Musical Rests

Cassandra was enraged. Every nerve in her body felt spliced and frayed. The symphony should have been relaxing. She loved the sound of the violins, their notes dancing together in quick staccato lilts or long, mournful cries. But instead, all she could hear was the weird, saliva sucking noise from the woman sitting next to her.

She shot another glare over her shoulder, but the woman was oblivious. What was she even doing? Was she chewing gum? Sucking on a mint. Her jaw wasn’t moving and who sucked on one mint for forty-five minutes?

Cassandra had always been annoyed by petty, little sounds. Other people always seemed to be able to tune them out. Even now, no one else seemed to have even noticed. Her friend Jess, sitting on her other side, sat with her eyes closed and a smile on her face. How was that possible?

Cassandra leaned forward in her chair hoping to put some distance between her ears and the woman’s mouth. She willed the tuba players to play louder, but still, the suck, suck, suck noise continued to bore it’s way into her skull like steel armoured ticks.

She slid her hands under thighs and fought the urge to smack some common courtesy into the woman.

She closed her eyes and took a deep breath in, trying to focus on the music. The brass section raised in volume with exuberance. Suck, suck, suck.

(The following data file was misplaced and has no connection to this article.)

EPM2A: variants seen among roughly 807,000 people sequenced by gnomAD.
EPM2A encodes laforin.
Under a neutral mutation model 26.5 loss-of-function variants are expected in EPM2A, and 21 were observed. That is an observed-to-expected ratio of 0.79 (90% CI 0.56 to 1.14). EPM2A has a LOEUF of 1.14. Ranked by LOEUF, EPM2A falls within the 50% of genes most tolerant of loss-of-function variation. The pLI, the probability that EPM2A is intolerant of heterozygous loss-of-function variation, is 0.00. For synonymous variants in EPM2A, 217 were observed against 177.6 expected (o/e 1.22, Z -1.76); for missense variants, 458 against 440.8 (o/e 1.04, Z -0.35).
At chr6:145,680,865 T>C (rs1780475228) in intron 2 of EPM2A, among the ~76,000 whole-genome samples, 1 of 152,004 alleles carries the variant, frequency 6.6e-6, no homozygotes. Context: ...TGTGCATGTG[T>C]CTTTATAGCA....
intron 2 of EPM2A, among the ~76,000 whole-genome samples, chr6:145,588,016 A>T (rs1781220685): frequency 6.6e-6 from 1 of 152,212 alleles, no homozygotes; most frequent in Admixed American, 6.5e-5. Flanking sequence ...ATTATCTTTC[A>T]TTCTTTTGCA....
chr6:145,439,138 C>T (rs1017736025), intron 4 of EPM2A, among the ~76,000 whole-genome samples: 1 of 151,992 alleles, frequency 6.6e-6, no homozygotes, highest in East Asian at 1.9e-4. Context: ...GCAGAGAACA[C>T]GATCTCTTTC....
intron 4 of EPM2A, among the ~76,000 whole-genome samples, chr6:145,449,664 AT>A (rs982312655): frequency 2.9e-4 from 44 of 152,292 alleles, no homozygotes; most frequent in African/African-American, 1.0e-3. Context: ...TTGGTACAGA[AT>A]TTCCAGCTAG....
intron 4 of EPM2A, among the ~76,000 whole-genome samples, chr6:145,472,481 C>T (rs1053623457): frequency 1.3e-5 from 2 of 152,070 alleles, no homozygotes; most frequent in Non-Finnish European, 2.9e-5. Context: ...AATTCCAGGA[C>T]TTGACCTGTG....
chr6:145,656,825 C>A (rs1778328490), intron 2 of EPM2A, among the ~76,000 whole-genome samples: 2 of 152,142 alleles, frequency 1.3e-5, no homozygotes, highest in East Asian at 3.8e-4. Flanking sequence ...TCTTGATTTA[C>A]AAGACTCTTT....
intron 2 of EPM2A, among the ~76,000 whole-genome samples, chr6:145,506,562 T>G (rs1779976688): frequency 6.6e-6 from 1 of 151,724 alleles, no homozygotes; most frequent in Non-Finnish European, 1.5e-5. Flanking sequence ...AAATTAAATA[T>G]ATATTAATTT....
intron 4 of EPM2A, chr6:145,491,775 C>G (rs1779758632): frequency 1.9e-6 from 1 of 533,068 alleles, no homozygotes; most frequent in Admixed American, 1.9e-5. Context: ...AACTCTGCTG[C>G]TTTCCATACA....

Deep breath out. Her head throbbed as her irritation grew. Deep breath in. How was it possible to make a noise like that and not notice how irritating it was? Maybe she was doing it on purpose. Deep breath out. Silence.

Complete and total silence. No trumpets, no violins, no sucking, no nothing.

Her eyes flew open. The orchestra was still playing below and a quick scan of the seats showed that no one else seemed to think it was odd that they were playing silently.

Then, they stopped. But everyone was clapping. Then, standing and clapping. Yet Cassandra heard nothing. Not even a hint of noise. Despite her concern that she had just gone deaf, she could feel every muscle in her body relax. The sucking had stopped too.

As everyone sat back down, her friend Jess asked her something, but she couldn’t make out the words.

“Sorry, I couldn’t hear you,” she said. Wait, she had heard that. She could hear her own voice.

Jess leaned closer and asked again, “Do you have time to grab coffee?”

“Sure,” she said, relieved that she had heard her. She hadn’t gone deaf. She smiled.

“Do you—” As Jess talked she leaned back and immediately her voice went silent again. Cassandra could see that she was still talking, but she couldn’t hear anything.

She cocked her head to the side and leaned closer. As she did, Jess’ voice went from silent to loud immediately. “home by 11, but we still have—” Cassandra leaned away again and Jess’s voice went silent instantly.

Jess frowned, and mouthed something that looked close to, “are you listening to me?”

She reached hand to Jess’s arm and quickly said, “for sure, sounds good. I just have to run to the washroom.”

She took off without looking back slipping through the crowd that was slowly ambling toward the exits. As she walked, snippets of conversations filtered in whenever someone got too close to her.

“Love the symphony. Why don’t we come more—”

“Her hair. I would never do—”

“So cold lately—”

“Pretty. Would you like to—”